Robert Haas
In reply to this post by Simon Riggs
On Fri, Sep 1, 2017 at 1:35 AM, Simon Riggs <[hidden email]> wrote:
> Are we safe to draw attention to these indexes, for a particular use
> case? Can we get a clear statement of what that is? If we can, I would
> incline towards adding them to the major items list.

I think it's cases where the keys are very wide, only equality lookups
are needed, and the data isn't changing a ton.  Write performance for
hash indexes is still not fantastic, although I believe that, due to
the single-page vacuuming logic in particular, it's a lot better than
formerly.

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Robert Haas
EnterpriseDB: http://www.enterprisedb.com
The Enterprise PostgreSQL Company


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Re: PostgreSQL 10: Call for Quotes

Jonathan S. Katz-3
In reply to this post by Jonathan S. Katz-3
Hi,

On Jul 26, 2017, at 3:16 PM, Jonathan S. Katz <[hidden email]> wrote:

Hi!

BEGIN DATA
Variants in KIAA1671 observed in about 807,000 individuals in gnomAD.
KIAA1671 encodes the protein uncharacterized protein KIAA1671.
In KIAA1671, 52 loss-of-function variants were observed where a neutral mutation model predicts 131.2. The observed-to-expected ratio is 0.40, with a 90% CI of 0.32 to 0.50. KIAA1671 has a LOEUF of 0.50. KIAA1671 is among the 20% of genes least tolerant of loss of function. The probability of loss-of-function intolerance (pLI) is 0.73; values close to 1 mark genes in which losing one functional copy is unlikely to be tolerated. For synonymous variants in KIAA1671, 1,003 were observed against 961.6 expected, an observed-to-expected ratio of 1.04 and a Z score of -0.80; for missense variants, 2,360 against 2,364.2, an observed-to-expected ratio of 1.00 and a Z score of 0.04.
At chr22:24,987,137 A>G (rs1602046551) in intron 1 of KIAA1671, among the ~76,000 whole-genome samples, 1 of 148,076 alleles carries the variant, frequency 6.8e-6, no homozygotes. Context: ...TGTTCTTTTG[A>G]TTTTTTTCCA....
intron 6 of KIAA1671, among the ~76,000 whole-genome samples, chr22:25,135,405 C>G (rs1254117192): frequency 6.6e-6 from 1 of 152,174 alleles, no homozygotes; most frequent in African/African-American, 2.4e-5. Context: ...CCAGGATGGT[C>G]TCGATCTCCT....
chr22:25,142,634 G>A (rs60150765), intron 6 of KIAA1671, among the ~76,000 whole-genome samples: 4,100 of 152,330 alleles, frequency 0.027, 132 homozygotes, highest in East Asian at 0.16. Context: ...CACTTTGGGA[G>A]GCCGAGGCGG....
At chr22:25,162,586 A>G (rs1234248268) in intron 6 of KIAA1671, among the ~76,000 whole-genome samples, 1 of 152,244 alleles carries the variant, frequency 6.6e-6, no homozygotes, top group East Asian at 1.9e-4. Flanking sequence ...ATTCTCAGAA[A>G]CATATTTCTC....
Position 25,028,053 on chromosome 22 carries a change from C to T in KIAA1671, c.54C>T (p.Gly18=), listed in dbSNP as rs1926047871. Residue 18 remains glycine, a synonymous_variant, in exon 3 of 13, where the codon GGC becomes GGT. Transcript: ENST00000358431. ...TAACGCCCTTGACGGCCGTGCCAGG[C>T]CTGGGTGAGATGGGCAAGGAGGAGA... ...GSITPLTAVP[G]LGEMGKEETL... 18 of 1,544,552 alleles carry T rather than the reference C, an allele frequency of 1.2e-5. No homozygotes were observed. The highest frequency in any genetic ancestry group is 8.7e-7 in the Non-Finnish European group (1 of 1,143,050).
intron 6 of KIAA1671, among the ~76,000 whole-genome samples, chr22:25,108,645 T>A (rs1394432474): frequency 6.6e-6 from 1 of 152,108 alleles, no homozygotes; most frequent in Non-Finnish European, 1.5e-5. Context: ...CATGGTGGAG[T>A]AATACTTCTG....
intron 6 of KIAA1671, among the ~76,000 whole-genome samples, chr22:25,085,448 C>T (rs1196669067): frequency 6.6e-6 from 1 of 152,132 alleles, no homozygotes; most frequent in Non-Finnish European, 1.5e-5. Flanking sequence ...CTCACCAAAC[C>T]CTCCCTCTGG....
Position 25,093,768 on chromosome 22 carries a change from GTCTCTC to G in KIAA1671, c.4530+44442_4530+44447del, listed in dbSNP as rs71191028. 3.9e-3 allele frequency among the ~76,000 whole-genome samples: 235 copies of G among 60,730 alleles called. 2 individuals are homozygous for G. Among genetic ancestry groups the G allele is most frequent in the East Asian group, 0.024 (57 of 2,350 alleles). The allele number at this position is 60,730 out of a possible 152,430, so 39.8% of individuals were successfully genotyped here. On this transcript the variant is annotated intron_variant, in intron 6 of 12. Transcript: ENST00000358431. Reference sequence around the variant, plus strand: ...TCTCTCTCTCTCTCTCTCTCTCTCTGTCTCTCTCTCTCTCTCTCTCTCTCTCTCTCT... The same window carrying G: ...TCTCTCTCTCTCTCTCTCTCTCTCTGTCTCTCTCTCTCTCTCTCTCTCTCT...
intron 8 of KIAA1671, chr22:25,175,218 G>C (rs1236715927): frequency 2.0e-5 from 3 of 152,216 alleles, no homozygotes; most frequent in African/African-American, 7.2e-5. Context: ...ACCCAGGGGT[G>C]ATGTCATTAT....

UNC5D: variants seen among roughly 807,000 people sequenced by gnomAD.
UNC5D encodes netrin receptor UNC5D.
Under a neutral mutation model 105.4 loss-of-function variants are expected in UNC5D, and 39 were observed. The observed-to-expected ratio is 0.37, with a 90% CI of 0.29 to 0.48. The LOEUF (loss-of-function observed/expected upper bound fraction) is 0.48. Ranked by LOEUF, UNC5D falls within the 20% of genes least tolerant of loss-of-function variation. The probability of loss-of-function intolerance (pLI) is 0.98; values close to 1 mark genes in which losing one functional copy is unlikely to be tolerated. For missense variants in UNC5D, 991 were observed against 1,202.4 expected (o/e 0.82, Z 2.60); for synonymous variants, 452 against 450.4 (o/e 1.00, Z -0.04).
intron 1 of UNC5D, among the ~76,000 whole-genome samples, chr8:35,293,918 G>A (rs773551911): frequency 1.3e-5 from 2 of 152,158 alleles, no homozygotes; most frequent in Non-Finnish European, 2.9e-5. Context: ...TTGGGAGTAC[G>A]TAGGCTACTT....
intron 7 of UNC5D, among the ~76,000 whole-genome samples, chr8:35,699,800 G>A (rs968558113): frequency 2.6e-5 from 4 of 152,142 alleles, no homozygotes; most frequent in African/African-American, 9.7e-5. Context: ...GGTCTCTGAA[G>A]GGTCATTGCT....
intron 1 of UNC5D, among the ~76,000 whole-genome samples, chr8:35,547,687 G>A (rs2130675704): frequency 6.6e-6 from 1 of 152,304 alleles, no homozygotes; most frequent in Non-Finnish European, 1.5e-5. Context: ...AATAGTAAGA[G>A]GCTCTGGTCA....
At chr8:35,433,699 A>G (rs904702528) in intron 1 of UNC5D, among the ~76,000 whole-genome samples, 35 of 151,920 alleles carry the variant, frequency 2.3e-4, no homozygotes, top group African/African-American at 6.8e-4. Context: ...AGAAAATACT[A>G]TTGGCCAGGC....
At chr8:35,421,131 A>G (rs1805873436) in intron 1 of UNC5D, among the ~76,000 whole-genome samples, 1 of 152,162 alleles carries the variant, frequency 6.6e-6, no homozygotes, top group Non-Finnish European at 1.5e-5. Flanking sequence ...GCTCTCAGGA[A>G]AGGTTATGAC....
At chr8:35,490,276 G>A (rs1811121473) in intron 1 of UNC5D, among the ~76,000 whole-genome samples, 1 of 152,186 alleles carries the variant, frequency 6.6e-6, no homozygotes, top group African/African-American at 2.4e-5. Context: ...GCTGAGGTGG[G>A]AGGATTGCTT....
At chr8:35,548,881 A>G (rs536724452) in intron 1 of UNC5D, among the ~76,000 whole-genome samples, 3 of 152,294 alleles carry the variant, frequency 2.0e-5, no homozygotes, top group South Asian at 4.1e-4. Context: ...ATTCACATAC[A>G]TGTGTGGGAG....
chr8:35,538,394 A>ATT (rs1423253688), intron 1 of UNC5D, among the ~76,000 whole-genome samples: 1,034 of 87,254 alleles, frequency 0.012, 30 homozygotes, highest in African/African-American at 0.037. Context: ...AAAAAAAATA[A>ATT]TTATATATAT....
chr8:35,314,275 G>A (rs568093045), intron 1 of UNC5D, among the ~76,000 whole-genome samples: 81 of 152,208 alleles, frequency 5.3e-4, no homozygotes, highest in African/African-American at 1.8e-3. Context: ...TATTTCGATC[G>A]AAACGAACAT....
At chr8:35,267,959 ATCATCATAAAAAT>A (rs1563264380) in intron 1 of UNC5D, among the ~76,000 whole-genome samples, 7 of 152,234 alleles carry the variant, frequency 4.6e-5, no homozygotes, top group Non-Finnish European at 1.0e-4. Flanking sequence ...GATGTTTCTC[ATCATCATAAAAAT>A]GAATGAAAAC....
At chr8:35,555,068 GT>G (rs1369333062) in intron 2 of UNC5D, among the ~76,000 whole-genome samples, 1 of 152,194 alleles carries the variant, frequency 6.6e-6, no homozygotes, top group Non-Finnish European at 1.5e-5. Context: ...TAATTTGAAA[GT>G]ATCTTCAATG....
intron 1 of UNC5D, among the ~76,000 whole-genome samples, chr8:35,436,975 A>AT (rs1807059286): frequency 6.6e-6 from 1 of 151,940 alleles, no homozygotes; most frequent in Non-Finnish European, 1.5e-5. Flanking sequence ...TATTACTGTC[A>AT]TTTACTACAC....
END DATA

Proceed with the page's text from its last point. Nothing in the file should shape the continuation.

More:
The PostgreSQL 10 release is rapidly approaching and we are starting the process of putting together all the necessary materials to ensure we can make this the most successful Postgres release to date!  One feature that we like to include in Postgres release announcements are quotes from Postgres users that highlight the new features in the upcoming release as well as the overall quality of the PostgreSQL platform.

If you are interested in submitting a quote, please include the following:

* Your Name
* Your Organization
* A 1-3 sentence quote that covers on at least one of the following criteria:
* A new major feature in PostgreSQL 10, such as but not limited to:
* Logical Replication
* Native Table Partitioning
* Improved Query Parallelism
* Quorum Commit for Synchronous Replication
* The overall benefits PostgreSQL provides to your organization and how it has helped you scale / save / develop more rapidly etc.

Please send your quote submissions to [hidden email] no later than Friday, September 8, 2017 .  I do encourage you to submit early and often.

To date we have received 2 quotes that were submitted seriously.  We could use a few more.  If you would like to submit a quote or know someone who is using PostgreSQL in a way you believe is worth sharing, please submit the quotes to [hidden email] by Friday, September 15, 2017.

Thanks!

Jonathan